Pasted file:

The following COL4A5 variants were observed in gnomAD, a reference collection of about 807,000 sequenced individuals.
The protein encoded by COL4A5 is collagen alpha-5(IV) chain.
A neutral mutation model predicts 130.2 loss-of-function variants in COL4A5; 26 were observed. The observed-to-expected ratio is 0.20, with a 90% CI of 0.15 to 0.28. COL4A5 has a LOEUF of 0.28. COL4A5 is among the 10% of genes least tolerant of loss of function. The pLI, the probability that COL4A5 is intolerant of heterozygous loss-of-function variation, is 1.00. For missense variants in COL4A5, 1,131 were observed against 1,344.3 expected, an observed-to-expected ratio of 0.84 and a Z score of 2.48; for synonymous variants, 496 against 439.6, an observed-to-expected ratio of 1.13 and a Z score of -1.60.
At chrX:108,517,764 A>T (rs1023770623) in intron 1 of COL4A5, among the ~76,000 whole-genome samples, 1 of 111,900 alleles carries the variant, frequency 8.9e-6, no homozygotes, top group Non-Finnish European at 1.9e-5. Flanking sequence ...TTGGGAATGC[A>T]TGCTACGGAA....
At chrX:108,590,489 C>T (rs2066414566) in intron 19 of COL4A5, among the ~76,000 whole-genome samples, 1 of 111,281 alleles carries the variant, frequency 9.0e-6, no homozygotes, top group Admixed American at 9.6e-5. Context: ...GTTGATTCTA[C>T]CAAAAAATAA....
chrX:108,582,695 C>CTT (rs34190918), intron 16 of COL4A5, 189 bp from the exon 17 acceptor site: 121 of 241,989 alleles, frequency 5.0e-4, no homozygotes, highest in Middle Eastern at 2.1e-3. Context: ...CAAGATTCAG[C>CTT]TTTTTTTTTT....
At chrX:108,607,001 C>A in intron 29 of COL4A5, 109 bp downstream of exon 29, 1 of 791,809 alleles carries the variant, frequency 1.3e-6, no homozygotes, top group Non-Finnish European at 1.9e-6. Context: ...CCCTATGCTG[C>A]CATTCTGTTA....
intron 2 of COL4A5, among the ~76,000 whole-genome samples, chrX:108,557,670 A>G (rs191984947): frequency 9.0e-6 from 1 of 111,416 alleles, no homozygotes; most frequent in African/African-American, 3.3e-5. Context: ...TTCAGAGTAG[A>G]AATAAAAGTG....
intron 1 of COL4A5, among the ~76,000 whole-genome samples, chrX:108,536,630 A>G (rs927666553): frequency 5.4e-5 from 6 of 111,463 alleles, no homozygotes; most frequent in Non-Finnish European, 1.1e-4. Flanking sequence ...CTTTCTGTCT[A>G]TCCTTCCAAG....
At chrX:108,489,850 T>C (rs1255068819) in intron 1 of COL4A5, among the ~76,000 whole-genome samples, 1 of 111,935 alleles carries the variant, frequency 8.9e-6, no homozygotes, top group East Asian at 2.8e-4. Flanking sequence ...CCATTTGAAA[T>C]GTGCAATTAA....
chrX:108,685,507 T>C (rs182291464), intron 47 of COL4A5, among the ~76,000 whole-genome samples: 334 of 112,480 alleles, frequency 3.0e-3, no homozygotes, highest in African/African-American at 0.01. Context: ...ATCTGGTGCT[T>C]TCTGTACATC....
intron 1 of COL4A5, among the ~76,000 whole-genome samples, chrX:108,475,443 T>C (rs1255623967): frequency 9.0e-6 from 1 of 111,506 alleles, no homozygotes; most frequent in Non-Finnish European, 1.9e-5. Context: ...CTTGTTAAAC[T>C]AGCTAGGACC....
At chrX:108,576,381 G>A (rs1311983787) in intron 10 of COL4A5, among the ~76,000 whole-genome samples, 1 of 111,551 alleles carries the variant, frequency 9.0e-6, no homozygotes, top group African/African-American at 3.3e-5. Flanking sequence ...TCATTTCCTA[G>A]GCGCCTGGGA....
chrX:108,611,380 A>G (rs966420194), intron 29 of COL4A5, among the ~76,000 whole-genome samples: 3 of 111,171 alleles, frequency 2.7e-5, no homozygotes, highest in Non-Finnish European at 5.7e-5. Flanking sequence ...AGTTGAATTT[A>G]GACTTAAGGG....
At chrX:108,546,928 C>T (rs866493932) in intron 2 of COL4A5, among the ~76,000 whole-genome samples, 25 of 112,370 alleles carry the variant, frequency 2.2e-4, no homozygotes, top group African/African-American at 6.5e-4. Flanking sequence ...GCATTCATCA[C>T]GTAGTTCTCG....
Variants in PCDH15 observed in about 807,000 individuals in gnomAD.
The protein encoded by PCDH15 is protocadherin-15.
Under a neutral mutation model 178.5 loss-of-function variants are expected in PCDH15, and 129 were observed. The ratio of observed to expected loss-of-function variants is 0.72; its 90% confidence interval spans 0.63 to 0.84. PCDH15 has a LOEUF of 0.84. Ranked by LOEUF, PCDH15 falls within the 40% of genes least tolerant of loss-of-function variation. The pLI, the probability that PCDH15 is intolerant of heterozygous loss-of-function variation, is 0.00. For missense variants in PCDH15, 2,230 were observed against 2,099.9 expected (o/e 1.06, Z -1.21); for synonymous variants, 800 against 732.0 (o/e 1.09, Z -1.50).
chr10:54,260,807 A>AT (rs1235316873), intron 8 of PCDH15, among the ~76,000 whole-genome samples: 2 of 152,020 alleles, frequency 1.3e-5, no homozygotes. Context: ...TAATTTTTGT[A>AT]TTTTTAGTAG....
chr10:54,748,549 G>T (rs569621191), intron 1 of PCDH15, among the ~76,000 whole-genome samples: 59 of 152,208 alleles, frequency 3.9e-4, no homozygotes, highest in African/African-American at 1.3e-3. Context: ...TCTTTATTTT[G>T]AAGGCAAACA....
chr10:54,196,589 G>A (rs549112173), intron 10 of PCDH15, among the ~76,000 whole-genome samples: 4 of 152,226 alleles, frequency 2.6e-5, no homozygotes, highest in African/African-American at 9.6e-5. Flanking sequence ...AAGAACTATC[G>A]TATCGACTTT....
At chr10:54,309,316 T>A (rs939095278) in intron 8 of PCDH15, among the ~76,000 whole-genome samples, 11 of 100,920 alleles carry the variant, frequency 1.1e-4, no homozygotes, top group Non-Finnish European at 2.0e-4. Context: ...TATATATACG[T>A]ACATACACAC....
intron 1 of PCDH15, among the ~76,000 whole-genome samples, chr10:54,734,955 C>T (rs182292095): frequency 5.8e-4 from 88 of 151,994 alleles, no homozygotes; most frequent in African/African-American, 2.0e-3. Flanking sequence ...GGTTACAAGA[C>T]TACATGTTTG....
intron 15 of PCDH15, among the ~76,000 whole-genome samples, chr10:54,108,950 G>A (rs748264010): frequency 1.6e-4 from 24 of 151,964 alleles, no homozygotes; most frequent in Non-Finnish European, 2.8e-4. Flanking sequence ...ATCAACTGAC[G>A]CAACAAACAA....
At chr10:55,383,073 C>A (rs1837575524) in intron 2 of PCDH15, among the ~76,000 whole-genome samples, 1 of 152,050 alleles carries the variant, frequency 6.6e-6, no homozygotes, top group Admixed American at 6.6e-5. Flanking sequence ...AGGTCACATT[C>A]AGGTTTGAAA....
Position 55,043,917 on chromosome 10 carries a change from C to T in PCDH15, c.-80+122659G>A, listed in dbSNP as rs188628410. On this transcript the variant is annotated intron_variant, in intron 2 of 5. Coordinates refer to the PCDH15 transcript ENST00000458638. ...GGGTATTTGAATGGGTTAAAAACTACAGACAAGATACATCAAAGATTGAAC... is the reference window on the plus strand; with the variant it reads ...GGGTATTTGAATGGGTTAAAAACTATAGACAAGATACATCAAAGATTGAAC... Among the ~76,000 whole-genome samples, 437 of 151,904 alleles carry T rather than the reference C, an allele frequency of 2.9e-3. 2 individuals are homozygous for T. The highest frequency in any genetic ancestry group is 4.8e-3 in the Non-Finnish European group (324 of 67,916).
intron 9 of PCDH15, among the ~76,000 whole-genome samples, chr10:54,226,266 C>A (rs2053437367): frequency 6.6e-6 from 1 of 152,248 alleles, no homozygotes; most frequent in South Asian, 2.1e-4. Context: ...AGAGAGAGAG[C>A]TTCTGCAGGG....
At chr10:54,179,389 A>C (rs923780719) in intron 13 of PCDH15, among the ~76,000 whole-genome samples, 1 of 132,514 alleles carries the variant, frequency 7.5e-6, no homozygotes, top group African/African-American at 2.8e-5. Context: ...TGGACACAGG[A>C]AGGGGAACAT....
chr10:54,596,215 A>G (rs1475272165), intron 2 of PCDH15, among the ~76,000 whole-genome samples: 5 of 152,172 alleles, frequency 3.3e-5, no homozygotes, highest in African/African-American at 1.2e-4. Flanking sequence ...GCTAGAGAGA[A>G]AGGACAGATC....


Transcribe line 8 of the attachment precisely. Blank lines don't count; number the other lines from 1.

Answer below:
intron 2 of COL4A5, among the ~76,000 whole-genome samples, chrX:108,557,670 A>G (rs191984947): frequency 9.0e-6 from 1 of 111,416 alleles, no homozygotes; most frequent in African/African-American, 3.3e-5. Context: ...TTCAGAGTAG[A>G]AATAAAAGTG....